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Together, we can reignite the holiday lights for families in our community.
Chanukah is a beloved time in the Jewish calendar that reminds us that hope is always possible, and the tradition of lighting the Chanukah candles is a beautiful metaphor about adding light during the darkest times of the year. However, for all of us—but especially for many of our most vulnerable community members—the unforeseen COVID-19 crisis still looms with uncertainty.
This year, we will all be celebrating Chanukah differently than we're used to. As I light the candles while listening to my kids sing the Chanukah prayers and songs about miracles of the past—with grandparents watching on FaceTime or Zoom, of course—I reflect on today's miracle taking place in our community. A sense of purpose to ensure that no one is left behind in this crisis has united us as a Jewish community and has strengthened our future. And I've witnessed the true belief that Kol Yisrael Arevim Zeh-La'Zeh
(כל ישראל ערבים זה לזה) —that we are all responsible for one another—right here in our own community.
Our role as Federation CJA is to continue to support our community's most vulnerable during these difficult times by bringing light, which may have been extinguished due to the pandemic, back into homes.
These past months have been some of the most challenging we've ever had to go through. The financial impact that COVID-19 has had on many of us is profound and, for some, this impact has been devastating. Today, as for the past 100 years, Federation CJA is taking the lead in providing temporarily vulnerable community members the support they need to ensure that this crisis does not become a permanent life-changing catastrophe.
Through our Gesher initiative, we have been supporting temporarily impacted families so that they can withstand the financial crisis. Our goal is to ensure that the impact is temporary and that vulnerable families do not withdraw from participating in Jewish Life, such as the real possibility of having to withdraw students from Jewish day schools.
Federation CJA, through the generosity of our donors, has been here to help ensure that our children have a safe and meaningful Jewish education this year by maintaining the ability to provide a Jewish education to all our students, regardless of financial ability. We have helped 13 Jewish day schools sustain financial pressures by offsetting some of the additional costs incurred due to the pandemic, allowing 5,451 students to attend school this year in a safe environment. Giving these Jewish institutions and their families what it takes to make it through these tough times is just one of the ways we are helping our community get back on its feet.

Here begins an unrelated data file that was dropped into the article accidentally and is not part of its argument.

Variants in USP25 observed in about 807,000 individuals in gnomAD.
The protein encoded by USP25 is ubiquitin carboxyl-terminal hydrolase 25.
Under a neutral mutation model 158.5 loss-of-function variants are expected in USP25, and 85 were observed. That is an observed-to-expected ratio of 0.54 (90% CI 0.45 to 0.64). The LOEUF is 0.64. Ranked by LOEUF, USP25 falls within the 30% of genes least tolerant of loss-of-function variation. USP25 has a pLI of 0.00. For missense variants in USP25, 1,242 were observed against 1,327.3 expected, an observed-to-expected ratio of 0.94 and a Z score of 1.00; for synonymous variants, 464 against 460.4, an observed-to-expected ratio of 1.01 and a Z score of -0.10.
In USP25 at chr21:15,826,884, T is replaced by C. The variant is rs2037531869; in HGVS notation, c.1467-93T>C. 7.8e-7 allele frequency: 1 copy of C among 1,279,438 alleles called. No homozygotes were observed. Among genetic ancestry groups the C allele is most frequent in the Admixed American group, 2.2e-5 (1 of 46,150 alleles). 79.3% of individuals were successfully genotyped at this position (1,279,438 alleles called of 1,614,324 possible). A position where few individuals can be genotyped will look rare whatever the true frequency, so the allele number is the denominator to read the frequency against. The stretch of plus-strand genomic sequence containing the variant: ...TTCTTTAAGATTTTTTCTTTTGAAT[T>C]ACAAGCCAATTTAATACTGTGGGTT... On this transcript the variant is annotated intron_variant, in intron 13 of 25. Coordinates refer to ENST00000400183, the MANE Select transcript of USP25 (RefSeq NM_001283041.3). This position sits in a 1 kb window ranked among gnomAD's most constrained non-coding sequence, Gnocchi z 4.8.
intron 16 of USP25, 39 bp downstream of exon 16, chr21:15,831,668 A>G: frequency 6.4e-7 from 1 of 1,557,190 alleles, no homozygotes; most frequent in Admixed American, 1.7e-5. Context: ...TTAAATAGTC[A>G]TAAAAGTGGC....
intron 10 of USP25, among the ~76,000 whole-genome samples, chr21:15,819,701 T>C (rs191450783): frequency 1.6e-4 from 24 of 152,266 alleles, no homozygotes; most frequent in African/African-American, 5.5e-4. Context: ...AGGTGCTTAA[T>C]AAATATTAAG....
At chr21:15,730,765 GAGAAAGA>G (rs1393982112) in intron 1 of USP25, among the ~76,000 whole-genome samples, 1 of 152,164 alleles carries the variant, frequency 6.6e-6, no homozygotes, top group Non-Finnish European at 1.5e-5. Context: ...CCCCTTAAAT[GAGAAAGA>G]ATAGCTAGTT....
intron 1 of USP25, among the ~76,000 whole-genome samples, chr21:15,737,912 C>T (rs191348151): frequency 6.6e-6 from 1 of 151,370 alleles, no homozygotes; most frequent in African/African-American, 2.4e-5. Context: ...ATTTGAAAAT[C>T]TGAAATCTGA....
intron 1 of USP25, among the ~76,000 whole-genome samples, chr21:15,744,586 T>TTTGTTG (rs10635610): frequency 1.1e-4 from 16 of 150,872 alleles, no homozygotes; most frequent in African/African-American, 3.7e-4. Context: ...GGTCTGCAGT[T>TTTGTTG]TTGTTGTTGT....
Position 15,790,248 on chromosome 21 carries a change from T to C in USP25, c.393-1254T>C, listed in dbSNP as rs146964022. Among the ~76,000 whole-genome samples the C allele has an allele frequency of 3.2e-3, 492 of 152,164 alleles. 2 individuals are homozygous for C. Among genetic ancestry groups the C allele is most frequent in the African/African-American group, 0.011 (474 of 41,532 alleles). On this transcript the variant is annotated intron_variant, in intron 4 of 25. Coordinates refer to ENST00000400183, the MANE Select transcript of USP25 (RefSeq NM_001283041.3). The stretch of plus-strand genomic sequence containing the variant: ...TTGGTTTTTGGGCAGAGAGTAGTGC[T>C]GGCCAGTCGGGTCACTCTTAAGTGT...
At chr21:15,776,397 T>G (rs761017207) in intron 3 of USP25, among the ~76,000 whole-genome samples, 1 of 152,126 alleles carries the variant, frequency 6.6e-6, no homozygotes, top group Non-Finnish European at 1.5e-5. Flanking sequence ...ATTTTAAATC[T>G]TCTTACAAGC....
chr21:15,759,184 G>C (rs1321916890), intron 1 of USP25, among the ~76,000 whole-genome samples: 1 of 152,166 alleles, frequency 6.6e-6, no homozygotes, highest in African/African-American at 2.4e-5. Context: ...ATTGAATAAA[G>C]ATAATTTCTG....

As Jewish people, we understand that even during the darkest days there is light. Historically, Chanukah commemorates a great Jewish military victory and the miracle that permitted a small amount of oil to burn and give light for eight days. Simple in its observance yet profound in its message, as we light the menorahs in our homes this Chanukah, we look at the miracle of light as a symbol of perseverance and hope, and are reminded that we are not alone.
Chanukah teaches us that humans can do miraculous things. What's needed right now is to help keep our most vulnerable safe and cared for. We have proven that when we take extraordinary action we can prevail in times of darkness. We can come together as a strong and vibrant community to ensure that we rise more resilient than ever.
The pandemic has changed so much of our daily lives, and the isolation we've faced over the last nine months has taken a toll on our mental health, which can affect how we respond and recover from this crisis. Rabbi Sacks zt"l has taught us that, "The ability to survive and to recover is part of what it takes to be a leader." I know that through our continued efforts, we can lead the community back to light, and come out of this even stronger.
With the promise of a vaccine on the horizon, and a possible end in sight, there's hope that next year's holidays will look just as they did in the past. Wishing you and your loved ones a Chag Chanukah Sameach. May the festival of lights bring comfort, warmth, and peace to your household, and may light triumph over darkness.
Yair Szlak, LL.B.
Chief Executive Officer